How to create a successful bed time routine

Posted by admin on April 25

Bed Time

Plan It Out: Kids thrive when they know what to expect. If your kids are old enough, sit down and create a routine together, a visual chart can be very helpful for pre-readers.

Work Backward: Look at your bed time routine estimate and how long it will take to complete all of the tasks. Then, work backward from the ideal bedtime for your kids. This may mean that you start the bedtime routine as early as 5:30 or 6:00! If this doesn’t work for your family’s schedule, change the number of things included in the bed time routine.

Start Before They are Tired: Kids can become over tired, which makes it harder for them to calm down. It may seem easier to let your kids stay up later, so they will be more tired, but once your kids are too tired they might be unable to function without a meltdown.

Limit Screen Time: No screen time at least 30 minutes before bedtime. This also means not letting them fall asleep with TV or Ipads. It may mean that the whole family needs to turn off the TV for a while until your child is in bed.

Gradually Calm Down: Most kids can’t go from running around the yard to relaxing for a bed. Tweak your bedtime routine so that the most relaxing things are at the end. See what’s most calming for your child. Every child is different and bath time, snacks or even reading can be energizing depending on the child.

Create a Clutter Free Space for Sleep: Make sleep the main focus of the bedroom. Limit clutter, extra toys or other distractions. Choose nightlights or low watt bulbs in lamps. Have your child pick a few things that make them feel safe, calm and snugly in their bed.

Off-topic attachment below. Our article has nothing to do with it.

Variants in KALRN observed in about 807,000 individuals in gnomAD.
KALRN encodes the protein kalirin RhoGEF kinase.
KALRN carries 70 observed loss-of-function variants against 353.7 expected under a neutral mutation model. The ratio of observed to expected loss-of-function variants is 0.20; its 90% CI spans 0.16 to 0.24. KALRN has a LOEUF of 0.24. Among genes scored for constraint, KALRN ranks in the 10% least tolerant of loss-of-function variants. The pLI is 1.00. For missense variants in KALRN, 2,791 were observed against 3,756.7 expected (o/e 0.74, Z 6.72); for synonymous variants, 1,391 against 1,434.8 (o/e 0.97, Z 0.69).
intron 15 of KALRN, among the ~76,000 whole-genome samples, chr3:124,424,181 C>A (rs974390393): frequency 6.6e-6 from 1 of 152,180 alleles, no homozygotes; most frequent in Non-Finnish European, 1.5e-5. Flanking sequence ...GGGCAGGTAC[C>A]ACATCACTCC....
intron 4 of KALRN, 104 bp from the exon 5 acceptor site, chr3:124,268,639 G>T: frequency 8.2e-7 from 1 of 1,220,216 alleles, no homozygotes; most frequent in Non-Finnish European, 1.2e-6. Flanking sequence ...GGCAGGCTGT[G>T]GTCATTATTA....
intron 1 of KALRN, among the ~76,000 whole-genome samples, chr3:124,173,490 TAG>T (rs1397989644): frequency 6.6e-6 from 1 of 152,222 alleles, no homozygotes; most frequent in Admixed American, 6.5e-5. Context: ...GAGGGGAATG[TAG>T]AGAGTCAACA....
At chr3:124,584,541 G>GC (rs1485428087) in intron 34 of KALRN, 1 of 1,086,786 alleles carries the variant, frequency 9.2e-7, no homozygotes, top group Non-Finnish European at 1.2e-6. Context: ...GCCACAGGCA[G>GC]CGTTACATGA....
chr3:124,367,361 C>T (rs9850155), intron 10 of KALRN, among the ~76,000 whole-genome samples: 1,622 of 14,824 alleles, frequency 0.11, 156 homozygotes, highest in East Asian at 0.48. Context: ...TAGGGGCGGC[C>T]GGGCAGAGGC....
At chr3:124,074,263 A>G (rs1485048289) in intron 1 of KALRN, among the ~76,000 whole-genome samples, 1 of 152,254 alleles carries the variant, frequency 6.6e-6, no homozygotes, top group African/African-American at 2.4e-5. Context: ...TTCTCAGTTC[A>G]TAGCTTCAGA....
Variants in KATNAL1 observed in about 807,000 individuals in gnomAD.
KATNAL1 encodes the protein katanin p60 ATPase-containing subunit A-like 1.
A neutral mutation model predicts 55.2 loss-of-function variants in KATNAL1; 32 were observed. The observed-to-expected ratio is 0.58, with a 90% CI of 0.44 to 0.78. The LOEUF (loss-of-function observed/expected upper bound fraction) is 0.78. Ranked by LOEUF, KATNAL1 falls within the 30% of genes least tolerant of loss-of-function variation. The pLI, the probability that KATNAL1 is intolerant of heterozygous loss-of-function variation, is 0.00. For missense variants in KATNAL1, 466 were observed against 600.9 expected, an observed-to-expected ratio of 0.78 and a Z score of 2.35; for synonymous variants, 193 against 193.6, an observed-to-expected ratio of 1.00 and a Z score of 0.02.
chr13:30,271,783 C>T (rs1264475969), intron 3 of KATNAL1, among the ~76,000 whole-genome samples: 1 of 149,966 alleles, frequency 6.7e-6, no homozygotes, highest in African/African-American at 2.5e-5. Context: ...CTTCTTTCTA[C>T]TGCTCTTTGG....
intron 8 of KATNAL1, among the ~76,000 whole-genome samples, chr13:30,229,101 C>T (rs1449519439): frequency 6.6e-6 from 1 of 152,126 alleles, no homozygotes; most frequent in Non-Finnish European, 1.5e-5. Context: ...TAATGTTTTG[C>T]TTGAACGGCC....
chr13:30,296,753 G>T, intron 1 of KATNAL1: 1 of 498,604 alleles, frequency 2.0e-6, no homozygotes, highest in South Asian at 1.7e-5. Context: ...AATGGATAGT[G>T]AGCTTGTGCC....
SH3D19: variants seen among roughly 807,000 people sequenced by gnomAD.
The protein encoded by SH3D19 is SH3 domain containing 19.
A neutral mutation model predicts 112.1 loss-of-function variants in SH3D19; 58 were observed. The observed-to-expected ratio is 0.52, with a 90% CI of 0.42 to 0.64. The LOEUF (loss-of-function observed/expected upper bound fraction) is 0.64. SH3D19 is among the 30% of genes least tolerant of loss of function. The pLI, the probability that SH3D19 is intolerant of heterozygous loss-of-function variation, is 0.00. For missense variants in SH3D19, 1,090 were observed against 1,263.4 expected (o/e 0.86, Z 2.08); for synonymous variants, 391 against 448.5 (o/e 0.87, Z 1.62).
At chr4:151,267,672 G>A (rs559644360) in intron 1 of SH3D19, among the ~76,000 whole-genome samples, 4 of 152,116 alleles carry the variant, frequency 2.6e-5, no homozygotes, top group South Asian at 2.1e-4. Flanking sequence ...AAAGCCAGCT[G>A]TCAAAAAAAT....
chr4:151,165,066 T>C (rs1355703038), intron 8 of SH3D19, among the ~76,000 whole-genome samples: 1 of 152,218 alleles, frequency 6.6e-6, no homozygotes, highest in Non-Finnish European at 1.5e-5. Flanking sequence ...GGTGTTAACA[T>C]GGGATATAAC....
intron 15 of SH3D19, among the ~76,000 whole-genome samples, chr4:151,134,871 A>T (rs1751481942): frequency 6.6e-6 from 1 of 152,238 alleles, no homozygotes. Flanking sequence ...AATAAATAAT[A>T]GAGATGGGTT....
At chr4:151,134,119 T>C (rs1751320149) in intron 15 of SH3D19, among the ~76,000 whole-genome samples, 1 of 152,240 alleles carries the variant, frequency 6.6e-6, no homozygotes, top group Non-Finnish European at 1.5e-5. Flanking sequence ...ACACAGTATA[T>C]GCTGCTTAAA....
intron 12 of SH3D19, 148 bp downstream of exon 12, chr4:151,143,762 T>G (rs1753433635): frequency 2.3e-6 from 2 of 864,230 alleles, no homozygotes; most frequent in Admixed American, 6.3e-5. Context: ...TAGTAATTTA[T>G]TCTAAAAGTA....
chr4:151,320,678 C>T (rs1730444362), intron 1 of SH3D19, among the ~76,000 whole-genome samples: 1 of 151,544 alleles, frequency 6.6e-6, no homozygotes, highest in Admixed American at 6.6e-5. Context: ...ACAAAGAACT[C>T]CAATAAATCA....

Teach Kids To Relax: Both anxious and energetic kids can benefit from learning how to relax their bodies for sleep. Focus on having calm, quiet, relaxed bodies, rather than forcing sleep. Some kids enjoy relaxing music, visualizations, audio books or white noise or to say a prayer.


Ideas for a Fun Bed Time Routine:

Bed Time High Five

Create a Little Ritual Specific to Your Child: This may be hiding a few stuffed animals for them in their room they usually take to bed with them. After they find them they can lay down with them together.


Read “Bedtime” Books: Every child is different but using some of the same books to signal “bed time” can be very helpful. Reading about going to bed can be helpful as well.

Some of our favorites are:

“The Going-To-Bed Book” by Sandra Boynton

“Pajama Time!” by Sandra Boynton

“If Animals Kissed Good Night” by Ann Whitford

“The Wonderful Things You Will Be” by Emily Winfield Martin

“Goodnight Moon” by Margaret Wise Brown

“I Love You to the Moon and Back” by Amelia Hepworth

“Pete the Cat and the Bedtime Blues” by James Dean


Story Telling Prompts: Another great activity for toddlers and older kids are Story Telling Prompts. They are not just a great family activity that calms your little one before bedtime but helps build vocabulary, imagination and creativity.

First, print off the storytelling prompts, think about what your child is most interested in and tailor each prompt accordingly. After printing them (or just writing them on a piece of paper) put them in a jar. Some examples that worked well for our “Story Telling Prompts” are:


-One day a family of cats went shopping for a new family pet…

-Pete the Cat got up this morning and was very excited about…

-Sofia found a treasure chest – what was inside the chest?

-Three little pigs invited a little girl over for dinner…

-When the phone rang this morning the kids found out it was a snow day…


Have each person that’s involved in this activity pull a prompt from the jar. Spend some time creating and listening to stories together.

To have a few key questions on hand in case the storyteller becomes stuck can be helpful:

What did you see?
What did you hear?
What did you smell?
Who else is there?
What does the room/space look like?
How do you feel?
Where did you go?

This activity can be enjoyed by children of all ages and doing this with more than one child might prompt the participants to help each other out if they get stuck while telling the story. Building and sharing stories as a family is great fun.

Good Thoughts before Bed: Fill your child with good thoughts before they go to bed. Ask them about their favorite part of the day, praise them for a good deed and/or pray with them.

“Thank you for the food we eat

Thank you for the friends we meet

Thank you for our work and play

Thank you for this happy day”